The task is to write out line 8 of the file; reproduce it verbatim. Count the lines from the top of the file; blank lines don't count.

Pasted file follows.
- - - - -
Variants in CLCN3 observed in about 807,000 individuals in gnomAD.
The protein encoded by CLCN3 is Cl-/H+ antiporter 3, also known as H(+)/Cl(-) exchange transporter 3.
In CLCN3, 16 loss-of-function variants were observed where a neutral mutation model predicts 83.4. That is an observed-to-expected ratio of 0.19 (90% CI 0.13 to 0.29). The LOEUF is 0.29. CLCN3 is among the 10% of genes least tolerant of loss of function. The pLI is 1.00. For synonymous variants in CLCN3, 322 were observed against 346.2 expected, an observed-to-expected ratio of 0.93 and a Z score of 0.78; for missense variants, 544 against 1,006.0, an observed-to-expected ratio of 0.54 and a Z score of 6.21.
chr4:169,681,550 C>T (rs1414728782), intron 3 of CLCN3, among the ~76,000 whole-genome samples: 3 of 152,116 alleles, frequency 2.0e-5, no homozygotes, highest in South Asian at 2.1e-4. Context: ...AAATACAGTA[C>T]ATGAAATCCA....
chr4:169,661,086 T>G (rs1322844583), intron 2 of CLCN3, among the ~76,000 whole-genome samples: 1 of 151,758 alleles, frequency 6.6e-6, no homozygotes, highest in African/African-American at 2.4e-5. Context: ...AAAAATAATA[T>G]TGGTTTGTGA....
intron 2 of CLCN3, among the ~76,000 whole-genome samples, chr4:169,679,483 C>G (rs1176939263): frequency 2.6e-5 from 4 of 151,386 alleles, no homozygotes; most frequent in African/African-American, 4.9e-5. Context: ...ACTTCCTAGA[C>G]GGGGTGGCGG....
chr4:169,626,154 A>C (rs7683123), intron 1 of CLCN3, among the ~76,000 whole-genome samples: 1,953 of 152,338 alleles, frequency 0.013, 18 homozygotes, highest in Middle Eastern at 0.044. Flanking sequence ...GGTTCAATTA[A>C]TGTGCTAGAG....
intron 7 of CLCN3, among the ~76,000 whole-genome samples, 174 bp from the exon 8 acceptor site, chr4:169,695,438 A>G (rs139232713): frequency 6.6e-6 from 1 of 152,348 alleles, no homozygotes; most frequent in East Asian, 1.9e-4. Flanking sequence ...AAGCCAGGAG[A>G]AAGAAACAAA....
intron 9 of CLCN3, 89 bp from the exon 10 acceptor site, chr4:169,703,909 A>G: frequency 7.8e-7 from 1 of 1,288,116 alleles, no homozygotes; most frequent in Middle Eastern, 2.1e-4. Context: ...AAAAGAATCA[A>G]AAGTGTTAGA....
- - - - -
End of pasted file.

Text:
intron 7 of CLCN3, among the ~76,000 whole-genome samples, 174 bp from the exon 8 acceptor site, chr4:169,695,438 A>G (rs139232713): frequency 6.6e-6 from 1 of 152,348 alleles, no homozygotes; most frequent in East Asian, 1.9e-4. Flanking sequence ...AAGCCAGGAG[A>G]AAGAAACAAA....